In 1985, my parents spent a lot of money on a full system Commodore 128 (CPU, Monitor, printer, desk and chair, and a fair amount of software). While I’m sure they knew it was a good buy for their kids, I don’t think they could have imagined the kind of impact it made for me. That same year I took my first programming class. It was offered at my school for only the GATE students, and I was one.
The circumstances of my early exposure to computers make me very lucky. Few kids had computers at their school, only a select few of those were allowed to use them, and fewer still had computers at home. But I was very lucky, so I learned to code. First programming with the Apple computers at school, moving sprites across the screen, then learning there was a magazine I could subscribe to called , dedicated to those with Commodore computers.
I would spend hours at the computer after school and during the summer (in addition to the miles and miles I rode my BMX, I’m a geek, not a shut-in). I would copy code line by line from the pages of into the Commodore to make happen what the article promised. It was never right the first time (foreshadowing to my current career both in the value of debugging and the perils of by-hand data entry).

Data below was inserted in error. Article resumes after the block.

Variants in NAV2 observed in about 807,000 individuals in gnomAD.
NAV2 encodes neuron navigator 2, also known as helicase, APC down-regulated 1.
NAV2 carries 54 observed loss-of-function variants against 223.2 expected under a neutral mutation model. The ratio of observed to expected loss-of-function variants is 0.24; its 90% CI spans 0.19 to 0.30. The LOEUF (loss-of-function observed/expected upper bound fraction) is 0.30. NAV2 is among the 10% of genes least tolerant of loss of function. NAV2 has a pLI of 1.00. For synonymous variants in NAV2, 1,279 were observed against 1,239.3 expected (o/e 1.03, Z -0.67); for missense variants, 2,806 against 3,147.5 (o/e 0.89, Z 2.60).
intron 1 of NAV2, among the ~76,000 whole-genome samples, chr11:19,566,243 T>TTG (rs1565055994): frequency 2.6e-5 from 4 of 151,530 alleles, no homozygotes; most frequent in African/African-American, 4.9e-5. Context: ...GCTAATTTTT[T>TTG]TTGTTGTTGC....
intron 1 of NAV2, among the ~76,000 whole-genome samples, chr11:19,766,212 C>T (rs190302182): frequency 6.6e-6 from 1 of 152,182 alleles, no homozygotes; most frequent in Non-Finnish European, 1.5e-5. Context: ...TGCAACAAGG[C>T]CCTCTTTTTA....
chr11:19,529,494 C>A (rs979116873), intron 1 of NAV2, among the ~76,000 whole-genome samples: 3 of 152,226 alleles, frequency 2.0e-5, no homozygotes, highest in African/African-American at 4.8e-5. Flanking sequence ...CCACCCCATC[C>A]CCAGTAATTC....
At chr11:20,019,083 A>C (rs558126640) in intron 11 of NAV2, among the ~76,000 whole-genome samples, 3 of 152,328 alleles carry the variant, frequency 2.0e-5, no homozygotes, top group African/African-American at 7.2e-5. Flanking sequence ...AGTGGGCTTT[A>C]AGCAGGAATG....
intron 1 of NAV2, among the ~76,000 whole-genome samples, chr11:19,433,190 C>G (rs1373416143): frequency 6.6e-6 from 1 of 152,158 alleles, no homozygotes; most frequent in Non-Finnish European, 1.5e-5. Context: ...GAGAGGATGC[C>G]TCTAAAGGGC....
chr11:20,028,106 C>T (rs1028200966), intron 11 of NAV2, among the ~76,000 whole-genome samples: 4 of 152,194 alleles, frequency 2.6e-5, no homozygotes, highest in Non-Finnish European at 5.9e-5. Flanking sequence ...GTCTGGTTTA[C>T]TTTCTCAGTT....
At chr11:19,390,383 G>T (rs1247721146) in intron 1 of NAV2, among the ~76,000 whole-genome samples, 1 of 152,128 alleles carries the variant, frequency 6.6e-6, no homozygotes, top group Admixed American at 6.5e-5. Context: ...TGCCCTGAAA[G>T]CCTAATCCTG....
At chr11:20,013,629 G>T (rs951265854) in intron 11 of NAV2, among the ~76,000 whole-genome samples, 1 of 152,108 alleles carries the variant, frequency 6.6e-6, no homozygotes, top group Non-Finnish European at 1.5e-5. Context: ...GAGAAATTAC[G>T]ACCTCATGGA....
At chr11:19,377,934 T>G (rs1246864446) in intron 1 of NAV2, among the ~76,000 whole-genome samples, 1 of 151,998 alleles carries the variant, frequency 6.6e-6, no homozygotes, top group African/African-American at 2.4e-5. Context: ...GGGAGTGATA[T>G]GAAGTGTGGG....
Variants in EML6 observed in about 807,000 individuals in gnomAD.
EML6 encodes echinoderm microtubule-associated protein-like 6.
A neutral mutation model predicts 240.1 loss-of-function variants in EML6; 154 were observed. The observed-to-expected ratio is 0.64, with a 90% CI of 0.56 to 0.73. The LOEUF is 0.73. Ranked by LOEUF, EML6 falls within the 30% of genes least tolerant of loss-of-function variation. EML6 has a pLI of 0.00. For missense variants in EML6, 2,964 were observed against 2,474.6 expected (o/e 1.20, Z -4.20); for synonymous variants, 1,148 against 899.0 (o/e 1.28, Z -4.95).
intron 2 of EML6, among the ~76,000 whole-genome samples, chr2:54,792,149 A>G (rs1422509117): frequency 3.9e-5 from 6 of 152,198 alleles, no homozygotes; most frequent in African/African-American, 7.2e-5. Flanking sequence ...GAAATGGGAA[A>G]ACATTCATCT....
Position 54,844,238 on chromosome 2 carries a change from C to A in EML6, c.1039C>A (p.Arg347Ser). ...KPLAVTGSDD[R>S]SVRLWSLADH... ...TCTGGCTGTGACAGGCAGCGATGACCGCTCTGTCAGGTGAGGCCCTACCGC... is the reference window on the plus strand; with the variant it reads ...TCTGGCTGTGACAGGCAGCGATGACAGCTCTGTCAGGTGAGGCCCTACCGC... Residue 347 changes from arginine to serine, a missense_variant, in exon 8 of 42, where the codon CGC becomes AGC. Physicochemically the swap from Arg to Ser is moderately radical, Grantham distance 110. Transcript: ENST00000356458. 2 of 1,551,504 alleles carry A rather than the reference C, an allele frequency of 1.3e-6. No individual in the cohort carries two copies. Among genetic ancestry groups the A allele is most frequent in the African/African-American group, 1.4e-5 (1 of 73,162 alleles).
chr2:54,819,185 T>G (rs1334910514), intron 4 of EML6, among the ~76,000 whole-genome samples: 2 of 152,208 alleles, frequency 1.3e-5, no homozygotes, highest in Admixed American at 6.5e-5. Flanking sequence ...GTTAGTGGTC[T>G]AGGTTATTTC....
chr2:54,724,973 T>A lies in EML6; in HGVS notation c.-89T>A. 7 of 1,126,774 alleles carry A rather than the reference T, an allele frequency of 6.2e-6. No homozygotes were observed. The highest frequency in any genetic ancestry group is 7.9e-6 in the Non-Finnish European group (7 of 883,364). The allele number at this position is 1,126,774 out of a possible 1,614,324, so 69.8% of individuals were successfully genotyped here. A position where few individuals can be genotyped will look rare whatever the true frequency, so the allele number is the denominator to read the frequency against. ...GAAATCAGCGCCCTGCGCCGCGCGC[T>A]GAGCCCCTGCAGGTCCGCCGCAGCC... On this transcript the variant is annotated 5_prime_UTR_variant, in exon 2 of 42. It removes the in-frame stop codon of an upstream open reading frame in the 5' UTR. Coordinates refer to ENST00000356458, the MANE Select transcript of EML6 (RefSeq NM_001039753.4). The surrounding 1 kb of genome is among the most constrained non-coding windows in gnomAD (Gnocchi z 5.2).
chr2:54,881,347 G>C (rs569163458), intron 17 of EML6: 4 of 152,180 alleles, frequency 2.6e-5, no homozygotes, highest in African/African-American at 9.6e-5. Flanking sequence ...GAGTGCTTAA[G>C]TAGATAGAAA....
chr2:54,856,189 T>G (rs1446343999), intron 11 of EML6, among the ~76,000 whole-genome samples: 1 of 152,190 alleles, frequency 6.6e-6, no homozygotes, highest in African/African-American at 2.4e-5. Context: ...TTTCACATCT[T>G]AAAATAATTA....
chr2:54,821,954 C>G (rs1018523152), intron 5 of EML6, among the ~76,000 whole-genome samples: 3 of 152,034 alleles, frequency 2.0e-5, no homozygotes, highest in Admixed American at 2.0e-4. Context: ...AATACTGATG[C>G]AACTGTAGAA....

I could play PONG on my computer!!!
Leap forward 10 years; I became a tutor in Computer Science at Community College. Leap forward a few more; I’m designing software for Washington Mutual Bank even though I was just a staff accountant.
Where this leaves me, and collectively us; is in a world where knowing how to code really helps every career. I was sitting down earlier this week with a young engineer who reflected on his job thus far and mentioned he isn’t doing a whole lot of ‘engineering’, but a lot of database analysis and SQL writing instead. I commented: “You know: you’re doing that because the other engineers can’t.” He thought about my comment and realized coding was really a competitive edge.
“Yeah, I guess knowing this stuff is just modern engineering.”
“… and every profession in our age.”
According to a study by Leichtman Research Group, 59% of American Households with an income under $30,000 a year use a computer at home. 97% of American Households with an income over $50,000 do, and that percentage is exceeded by the number of classrooms with computers. The gap in computer use at home created by income must be addressed by our schools. Knowing how to code should be treated today as a fundamental knowledge set, worthy of a section of class just like reading, writing, and arithmetic.